It is however clear that railway undertakings operating on the national and European railway network should have track access to the port area. The connection between the European rail network and the port should be open to all railway undertakings wanting to enter the port. Moreover, rail related services in the port, such as shunting infrastructure, fuelling and servicing, … should be open to all rail undertakings in a non discriminatory manner.

But Europe’s railway policy concerns in the first place the railway system outside the port area.

Both for seaports and inland ports, the existence of adequate rail links between the port and the hinterland and the efficient use of this railway infrastructure, linking the port with the hinterland, are of paramount importance.

From a seaport point of view, efficient and sustainable hinterland connections are increasingly important. With transport volumes rising gradually in European seaports, it is clear that sustainable solutions have to be found to transport these freight flows to the hinterland. Moreover, often the development of additional capacity in a seaport will only get an approval if some strong engagements as regards sustainable hinterland flows are made. Indeed, as mentioned in a recent analysis ITMMA made for ESPO (i), the configuration (of barge and) railway networks proves to be a crucial organisational element for the future spatial hierarchy in the European port system.

But there is more. To face the growth rates in container handling, seaports are also increasingly looking beyond their own infrastructure and facilities and liaise with intermodal inland terminals in their hinterland. Inland ports and terminals allow for de/re-consolidation of cargo flows, and can help seaports to fully exploit potential economies of scale. Here again, performing railway links are, together with inland waterway links, a decisive factor.

From an inland port point of view, a well functioning and efficient railway infrastructure is fundamental. Inland ports are a lot more than entrance and exit gates on the waterway. Inland ports are important nodes in the inland transport network. Their success depends on their efficient water and railway transport links with the seaports and with the different economic centres. For inland ports situated along waterways, which do not have a guaranteed navigability all year round, railways are even more important.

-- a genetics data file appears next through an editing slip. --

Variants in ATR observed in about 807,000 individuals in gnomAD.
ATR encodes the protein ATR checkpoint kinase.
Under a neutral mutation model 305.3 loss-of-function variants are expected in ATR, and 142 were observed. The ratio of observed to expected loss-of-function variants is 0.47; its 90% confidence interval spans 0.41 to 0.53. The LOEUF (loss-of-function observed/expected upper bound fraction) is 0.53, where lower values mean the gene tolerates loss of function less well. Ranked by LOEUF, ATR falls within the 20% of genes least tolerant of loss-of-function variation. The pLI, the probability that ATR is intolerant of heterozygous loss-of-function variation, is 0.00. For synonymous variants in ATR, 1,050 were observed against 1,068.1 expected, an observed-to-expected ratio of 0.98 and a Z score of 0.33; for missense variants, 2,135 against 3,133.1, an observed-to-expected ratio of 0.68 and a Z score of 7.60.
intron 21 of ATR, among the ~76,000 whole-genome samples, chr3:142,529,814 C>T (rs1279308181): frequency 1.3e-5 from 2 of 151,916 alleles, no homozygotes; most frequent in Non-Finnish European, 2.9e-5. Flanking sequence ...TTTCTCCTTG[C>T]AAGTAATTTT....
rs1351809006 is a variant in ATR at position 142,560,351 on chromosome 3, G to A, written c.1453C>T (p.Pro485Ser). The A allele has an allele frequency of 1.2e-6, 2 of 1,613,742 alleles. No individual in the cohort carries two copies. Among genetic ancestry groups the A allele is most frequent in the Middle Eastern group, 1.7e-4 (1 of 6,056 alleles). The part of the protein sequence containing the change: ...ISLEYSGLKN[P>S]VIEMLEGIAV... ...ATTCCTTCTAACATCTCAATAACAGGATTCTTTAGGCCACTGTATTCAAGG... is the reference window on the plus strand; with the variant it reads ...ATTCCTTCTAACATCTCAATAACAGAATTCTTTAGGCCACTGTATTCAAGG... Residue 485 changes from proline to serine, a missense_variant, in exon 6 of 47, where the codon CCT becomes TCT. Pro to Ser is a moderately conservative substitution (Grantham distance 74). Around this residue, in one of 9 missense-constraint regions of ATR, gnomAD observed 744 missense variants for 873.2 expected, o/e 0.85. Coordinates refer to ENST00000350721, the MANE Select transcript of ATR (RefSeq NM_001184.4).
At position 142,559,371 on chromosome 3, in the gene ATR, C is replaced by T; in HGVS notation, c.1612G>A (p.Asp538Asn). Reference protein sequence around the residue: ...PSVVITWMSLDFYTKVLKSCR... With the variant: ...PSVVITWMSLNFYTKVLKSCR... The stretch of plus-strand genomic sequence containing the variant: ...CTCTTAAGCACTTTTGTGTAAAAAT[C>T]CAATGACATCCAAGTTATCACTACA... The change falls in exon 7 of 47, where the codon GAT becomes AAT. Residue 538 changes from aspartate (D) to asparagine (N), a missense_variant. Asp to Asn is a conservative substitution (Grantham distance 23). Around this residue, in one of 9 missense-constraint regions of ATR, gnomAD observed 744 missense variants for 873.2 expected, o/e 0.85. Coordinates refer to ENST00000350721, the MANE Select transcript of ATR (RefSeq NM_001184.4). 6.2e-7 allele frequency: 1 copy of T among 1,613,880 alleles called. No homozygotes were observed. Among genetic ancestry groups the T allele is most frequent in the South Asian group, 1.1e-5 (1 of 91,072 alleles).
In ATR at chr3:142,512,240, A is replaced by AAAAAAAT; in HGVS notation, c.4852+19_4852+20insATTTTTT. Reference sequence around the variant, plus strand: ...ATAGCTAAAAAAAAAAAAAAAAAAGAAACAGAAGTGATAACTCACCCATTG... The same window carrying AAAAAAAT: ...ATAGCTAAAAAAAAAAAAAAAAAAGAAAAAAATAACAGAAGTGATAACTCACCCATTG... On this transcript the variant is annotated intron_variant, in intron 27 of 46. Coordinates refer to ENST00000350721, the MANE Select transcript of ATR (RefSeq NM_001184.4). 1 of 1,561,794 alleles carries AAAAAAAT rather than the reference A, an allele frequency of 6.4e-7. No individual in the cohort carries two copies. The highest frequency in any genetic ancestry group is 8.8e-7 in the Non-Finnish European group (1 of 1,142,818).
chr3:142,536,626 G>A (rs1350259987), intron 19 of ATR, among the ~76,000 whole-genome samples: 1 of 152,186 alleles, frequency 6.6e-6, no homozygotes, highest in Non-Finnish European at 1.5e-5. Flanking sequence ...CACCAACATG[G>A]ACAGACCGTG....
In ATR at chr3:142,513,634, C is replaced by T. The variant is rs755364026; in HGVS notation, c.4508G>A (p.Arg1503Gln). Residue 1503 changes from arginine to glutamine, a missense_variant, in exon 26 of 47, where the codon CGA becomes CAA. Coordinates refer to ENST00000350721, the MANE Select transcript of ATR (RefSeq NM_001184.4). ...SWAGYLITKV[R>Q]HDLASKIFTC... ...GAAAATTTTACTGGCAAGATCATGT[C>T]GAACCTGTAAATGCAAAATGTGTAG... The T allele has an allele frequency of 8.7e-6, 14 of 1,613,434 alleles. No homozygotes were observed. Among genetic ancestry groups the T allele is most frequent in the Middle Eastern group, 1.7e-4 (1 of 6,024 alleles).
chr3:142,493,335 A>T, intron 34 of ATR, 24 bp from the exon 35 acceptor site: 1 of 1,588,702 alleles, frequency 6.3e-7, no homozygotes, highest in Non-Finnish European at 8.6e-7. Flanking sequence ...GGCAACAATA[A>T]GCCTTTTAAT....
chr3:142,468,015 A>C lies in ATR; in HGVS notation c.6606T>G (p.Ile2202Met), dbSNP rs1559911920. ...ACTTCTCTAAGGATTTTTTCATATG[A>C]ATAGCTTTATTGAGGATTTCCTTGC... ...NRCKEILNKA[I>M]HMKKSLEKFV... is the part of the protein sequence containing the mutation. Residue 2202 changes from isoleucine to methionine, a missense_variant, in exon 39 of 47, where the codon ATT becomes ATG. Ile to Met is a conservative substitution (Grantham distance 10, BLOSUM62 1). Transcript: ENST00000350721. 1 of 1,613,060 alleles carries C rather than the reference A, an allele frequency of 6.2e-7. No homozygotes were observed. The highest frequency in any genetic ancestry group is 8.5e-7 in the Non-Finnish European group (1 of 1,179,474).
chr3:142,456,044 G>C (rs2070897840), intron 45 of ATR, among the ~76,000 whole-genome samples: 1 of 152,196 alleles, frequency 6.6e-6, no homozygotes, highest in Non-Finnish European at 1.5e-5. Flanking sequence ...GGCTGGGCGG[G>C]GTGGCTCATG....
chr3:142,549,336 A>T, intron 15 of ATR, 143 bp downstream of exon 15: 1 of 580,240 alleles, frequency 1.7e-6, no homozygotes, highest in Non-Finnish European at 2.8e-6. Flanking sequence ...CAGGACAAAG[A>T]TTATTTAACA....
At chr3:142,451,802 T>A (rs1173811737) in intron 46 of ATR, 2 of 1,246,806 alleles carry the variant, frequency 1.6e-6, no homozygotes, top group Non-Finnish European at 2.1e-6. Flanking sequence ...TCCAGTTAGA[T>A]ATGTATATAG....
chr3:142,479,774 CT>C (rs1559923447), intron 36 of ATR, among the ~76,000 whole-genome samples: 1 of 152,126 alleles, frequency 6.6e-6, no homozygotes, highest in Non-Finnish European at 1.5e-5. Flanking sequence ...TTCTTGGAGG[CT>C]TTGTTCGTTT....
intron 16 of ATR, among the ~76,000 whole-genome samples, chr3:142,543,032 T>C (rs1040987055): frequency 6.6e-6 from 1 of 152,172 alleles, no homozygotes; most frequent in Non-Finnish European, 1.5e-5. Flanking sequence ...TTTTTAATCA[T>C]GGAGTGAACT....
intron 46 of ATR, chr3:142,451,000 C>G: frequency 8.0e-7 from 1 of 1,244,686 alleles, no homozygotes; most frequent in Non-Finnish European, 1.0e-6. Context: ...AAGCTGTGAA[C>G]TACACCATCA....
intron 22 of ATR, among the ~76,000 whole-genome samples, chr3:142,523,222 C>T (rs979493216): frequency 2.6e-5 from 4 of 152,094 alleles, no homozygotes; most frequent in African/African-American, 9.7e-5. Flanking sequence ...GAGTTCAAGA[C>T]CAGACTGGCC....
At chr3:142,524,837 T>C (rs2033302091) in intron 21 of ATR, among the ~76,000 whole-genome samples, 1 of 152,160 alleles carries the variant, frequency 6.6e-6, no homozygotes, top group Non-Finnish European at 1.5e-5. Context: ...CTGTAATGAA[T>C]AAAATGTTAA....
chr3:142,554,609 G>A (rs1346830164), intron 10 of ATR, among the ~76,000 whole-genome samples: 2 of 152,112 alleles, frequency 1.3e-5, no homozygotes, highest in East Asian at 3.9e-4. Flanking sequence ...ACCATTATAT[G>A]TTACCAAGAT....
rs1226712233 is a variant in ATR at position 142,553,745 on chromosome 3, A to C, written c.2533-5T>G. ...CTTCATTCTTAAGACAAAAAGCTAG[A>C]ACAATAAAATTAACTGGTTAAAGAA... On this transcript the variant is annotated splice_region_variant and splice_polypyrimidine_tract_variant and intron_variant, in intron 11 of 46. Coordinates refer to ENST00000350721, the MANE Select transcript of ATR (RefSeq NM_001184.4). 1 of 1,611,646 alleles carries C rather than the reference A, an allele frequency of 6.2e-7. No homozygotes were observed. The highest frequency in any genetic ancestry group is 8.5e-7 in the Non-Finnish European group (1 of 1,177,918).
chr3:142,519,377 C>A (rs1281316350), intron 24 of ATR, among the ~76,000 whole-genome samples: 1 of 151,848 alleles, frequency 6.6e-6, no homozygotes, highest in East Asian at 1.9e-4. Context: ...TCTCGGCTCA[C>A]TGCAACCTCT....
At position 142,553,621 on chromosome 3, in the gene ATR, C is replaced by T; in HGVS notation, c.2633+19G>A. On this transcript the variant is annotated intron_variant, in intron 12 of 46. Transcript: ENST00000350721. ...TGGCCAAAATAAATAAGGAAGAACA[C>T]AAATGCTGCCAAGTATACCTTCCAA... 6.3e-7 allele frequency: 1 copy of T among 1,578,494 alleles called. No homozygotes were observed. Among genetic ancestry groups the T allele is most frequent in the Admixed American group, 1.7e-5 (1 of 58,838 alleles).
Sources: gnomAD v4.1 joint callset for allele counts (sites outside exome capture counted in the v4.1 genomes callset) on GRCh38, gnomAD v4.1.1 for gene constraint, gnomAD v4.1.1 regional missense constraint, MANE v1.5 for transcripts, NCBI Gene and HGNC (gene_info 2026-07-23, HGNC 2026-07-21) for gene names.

At the same time, seaports and inland ports can be considered as very important “feeders” of rail freight trains and their lines in the European Union. Sea port related traffic, as part of the overall European traffic mix, constitutes a significant volume. WORLDNET estimated that some 603bn inland tonne kilometres are generated annually within the EU territory from seaborne freight, about a quarter of total freight. Looking at rail freight, 26% of rail freight traffic in the European Union is port related (ii).



2. Concerns about the current functioning of European railways

2.1. Rail still has a national approach

Today, rail still has a national approach. The cross border problems and lack of interoperability between the different railway systems are a major concern, clearly hampering the smooth functioning of the railway market and a fluid cargo flow by rail from the ports to the hinterland. A harmonisation of the rail gauges seems in that respect a priority. Other existing constraints in border crossing relate to differences in traction energy, train length, train controlling systems, rolling stock, operational rules, train crew certification, etc. But the need for cooperation goes beyond the development of Technical Specification for Interoperability (TSI). Infrastructure managers should also better cooperate in exchanging cross-border information.

Moreover, European railway corridors do not stop at EU borders. As a consequence, European railway policy should not only aim for an EU approach but also for a common approach that goes beyond these borders.

2.2. Investments in rail freight infrastructure are not always demand driven

The investments in rail infrastructure should be targeted and balanced. The incumbent railway undertaking (the former national railway company) remains often the most important interlocutor. Newcomers nor port authorities are sufficiently involved in the planning of investments in railway infrastructure.

In addition, it is important that the quality of infrastructure and tracks relate to the demands of the market and the function they have to fulfill, avoiding overinvestment and obliging users to pay for a quality that they do not need.

2.3. Preferential treatment of the incumbent railway undertaking can lead to market distortions

Often the incumbent undertaking still enjoys preferential treatment in receiving slot access to the network and good timetables at the dispatching centres of the infrastructure manager. In some cases, the incumbent undertaking has a special access to the information database of the infrastructure manager. This access provides him with valuable (sensitive) commercial information which gives him a competitive advantage over other parties who do not have this “inside” information. This preferential treatment is due to the fact that the incumbent rail undertaking often has staff (e.g. to manage the interface ‘track/slot allocation, rolling stock-fleet and undertaking-staff) in this dispatching centre.